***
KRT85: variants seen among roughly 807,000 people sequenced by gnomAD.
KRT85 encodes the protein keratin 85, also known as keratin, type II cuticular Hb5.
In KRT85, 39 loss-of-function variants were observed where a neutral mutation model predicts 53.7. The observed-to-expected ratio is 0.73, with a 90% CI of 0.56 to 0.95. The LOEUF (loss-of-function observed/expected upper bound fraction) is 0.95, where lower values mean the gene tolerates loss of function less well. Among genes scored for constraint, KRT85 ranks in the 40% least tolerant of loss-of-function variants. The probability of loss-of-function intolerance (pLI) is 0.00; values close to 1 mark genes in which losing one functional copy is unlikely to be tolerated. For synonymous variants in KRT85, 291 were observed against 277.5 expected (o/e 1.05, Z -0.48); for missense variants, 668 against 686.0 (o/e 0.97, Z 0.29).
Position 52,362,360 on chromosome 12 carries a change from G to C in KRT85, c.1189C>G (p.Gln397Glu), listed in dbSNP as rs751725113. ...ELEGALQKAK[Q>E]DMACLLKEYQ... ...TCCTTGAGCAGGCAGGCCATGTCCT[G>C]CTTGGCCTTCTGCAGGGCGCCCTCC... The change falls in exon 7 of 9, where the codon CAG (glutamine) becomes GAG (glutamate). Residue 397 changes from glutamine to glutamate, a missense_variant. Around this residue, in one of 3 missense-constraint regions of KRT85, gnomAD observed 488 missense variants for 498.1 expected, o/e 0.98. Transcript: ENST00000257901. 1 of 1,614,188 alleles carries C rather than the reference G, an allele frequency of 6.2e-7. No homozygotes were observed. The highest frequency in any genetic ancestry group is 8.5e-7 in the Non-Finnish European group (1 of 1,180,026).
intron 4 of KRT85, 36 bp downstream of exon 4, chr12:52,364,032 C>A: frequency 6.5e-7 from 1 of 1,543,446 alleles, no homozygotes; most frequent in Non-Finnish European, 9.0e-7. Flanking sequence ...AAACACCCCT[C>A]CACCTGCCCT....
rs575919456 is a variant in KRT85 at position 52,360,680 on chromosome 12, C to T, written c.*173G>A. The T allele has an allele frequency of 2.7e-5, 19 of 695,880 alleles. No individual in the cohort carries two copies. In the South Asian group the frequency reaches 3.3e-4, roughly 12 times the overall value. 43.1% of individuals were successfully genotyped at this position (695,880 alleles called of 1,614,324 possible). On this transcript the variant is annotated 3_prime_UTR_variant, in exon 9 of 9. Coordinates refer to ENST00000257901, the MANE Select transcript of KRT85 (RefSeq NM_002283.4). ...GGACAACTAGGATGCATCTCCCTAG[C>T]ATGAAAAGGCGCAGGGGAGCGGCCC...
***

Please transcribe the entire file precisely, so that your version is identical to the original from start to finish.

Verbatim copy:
KRT85: variants seen among roughly 807,000 people sequenced by gnomAD.
KRT85 encodes the protein keratin 85, also known as keratin, type II cuticular Hb5.
In KRT85, 39 loss-of-function variants were observed where a neutral mutation model predicts 53.7. The observed-to-expected ratio is 0.73, with a 90% CI of 0.56 to 0.95. The LOEUF (loss-of-function observed/expected upper bound fraction) is 0.95, where lower values mean the gene tolerates loss of function less well. Among genes scored for constraint, KRT85 ranks in the 40% least tolerant of loss-of-function variants. The probability of loss-of-function intolerance (pLI) is 0.00; values close to 1 mark genes in which losing one functional copy is unlikely to be tolerated. For synonymous variants in KRT85, 291 were observed against 277.5 expected (o/e 1.05, Z -0.48); for missense variants, 668 against 686.0 (o/e 0.97, Z 0.29).
Position 52,362,360 on chromosome 12 carries a change from G to C in KRT85, c.1189C>G (p.Gln397Glu), listed in dbSNP as rs751725113. ...ELEGALQKAK[Q>E]DMACLLKEYQ... ...TCCTTGAGCAGGCAGGCCATGTCCT[G>C]CTTGGCCTTCTGCAGGGCGCCCTCC... The change falls in exon 7 of 9, where the codon CAG (glutamine) becomes GAG (glutamate). Residue 397 changes from glutamine to glutamate, a missense_variant. Around this residue, in one of 3 missense-constraint regions of KRT85, gnomAD observed 488 missense variants for 498.1 expected, o/e 0.98. Transcript: ENST00000257901. 1 of 1,614,188 alleles carries C rather than the reference G, an allele frequency of 6.2e-7. No homozygotes were observed. The highest frequency in any genetic ancestry group is 8.5e-7 in the Non-Finnish European group (1 of 1,180,026).
intron 4 of KRT85, 36 bp downstream of exon 4, chr12:52,364,032 C>A: frequency 6.5e-7 from 1 of 1,543,446 alleles, no homozygotes; most frequent in Non-Finnish European, 9.0e-7. Flanking sequence ...AAACACCCCT[C>A]CACCTGCCCT....
rs575919456 is a variant in KRT85 at position 52,360,680 on chromosome 12, C to T, written c.*173G>A. The T allele has an allele frequency of 2.7e-5, 19 of 695,880 alleles. No individual in the cohort carries two copies. In the South Asian group the frequency reaches 3.3e-4, roughly 12 times the overall value. 43.1% of individuals were successfully genotyped at this position (695,880 alleles called of 1,614,324 possible). On this transcript the variant is annotated 3_prime_UTR_variant, in exon 9 of 9. Coordinates refer to ENST00000257901, the MANE Select transcript of KRT85 (RefSeq NM_002283.4). ...GGACAACTAGGATGCATCTCCCTAG[C>T]ATGAAAAGGCGCAGGGGAGCGGCCC...